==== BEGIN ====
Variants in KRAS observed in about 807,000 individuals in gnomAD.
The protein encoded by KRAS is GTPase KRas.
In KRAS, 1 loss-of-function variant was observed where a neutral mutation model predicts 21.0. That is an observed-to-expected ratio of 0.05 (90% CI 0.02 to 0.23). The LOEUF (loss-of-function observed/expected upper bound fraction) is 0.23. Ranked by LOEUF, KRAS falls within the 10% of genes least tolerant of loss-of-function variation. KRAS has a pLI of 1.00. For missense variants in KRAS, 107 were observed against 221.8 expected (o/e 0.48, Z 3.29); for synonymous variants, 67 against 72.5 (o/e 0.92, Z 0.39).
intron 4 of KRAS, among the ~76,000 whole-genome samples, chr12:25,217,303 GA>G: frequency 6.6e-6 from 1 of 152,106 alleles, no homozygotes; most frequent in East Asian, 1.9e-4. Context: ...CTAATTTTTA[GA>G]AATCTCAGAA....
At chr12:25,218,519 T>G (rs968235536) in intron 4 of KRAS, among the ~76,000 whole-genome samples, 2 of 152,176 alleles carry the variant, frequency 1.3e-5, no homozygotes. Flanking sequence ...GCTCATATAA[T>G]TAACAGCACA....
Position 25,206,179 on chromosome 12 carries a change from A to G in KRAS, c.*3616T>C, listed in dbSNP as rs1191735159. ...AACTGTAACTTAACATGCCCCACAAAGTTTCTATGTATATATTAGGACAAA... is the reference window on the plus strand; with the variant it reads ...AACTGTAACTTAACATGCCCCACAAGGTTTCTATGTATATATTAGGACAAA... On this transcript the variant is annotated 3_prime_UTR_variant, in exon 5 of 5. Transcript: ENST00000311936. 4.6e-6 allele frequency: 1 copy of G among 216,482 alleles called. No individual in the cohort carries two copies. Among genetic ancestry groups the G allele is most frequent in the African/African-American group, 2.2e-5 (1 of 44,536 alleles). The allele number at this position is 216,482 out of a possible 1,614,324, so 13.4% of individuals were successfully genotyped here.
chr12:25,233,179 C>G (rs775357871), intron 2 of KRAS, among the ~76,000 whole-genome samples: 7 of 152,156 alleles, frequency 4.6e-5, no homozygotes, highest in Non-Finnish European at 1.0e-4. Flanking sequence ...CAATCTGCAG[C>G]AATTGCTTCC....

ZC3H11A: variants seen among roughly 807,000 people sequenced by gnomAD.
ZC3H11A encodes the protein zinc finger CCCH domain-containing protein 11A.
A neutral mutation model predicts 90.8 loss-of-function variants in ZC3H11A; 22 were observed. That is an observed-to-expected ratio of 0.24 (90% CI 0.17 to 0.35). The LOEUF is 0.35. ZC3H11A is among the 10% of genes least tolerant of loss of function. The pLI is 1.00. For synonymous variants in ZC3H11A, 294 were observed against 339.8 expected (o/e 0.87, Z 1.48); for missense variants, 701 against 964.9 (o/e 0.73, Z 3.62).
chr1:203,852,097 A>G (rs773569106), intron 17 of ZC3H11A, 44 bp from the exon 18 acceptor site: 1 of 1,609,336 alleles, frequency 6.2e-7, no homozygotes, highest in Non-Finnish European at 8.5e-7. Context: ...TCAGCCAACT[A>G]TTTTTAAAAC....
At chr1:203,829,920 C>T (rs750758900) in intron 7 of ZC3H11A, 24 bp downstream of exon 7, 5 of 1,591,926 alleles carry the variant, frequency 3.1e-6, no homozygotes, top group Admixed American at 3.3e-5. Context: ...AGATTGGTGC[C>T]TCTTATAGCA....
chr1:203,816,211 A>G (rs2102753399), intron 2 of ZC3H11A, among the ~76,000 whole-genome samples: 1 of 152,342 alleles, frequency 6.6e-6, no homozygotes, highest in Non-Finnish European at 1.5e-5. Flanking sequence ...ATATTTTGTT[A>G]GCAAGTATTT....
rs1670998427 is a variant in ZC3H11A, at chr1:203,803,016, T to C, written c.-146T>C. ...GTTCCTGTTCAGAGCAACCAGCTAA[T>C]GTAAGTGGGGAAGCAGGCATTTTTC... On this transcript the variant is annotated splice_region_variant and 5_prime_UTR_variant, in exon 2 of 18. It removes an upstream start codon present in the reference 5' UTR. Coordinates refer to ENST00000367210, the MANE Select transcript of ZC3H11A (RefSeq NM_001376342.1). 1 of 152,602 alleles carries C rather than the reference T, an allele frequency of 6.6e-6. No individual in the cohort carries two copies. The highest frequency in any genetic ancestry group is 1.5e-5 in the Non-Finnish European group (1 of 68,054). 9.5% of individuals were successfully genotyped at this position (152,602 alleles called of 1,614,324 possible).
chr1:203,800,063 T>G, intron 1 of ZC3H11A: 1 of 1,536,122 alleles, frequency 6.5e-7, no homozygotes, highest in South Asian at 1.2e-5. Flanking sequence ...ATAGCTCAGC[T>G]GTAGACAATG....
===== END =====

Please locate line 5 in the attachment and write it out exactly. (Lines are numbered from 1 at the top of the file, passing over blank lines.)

At chr12:25,218,519 T>G (rs968235536) in intron 4 of KRAS, among the ~76,000 whole-genome samples, 2 of 152,176 alleles carry the variant, frequency 1.3e-5, no homozygotes. Flanking sequence ...GCTCATATAA[T>G]TAACAGCACA....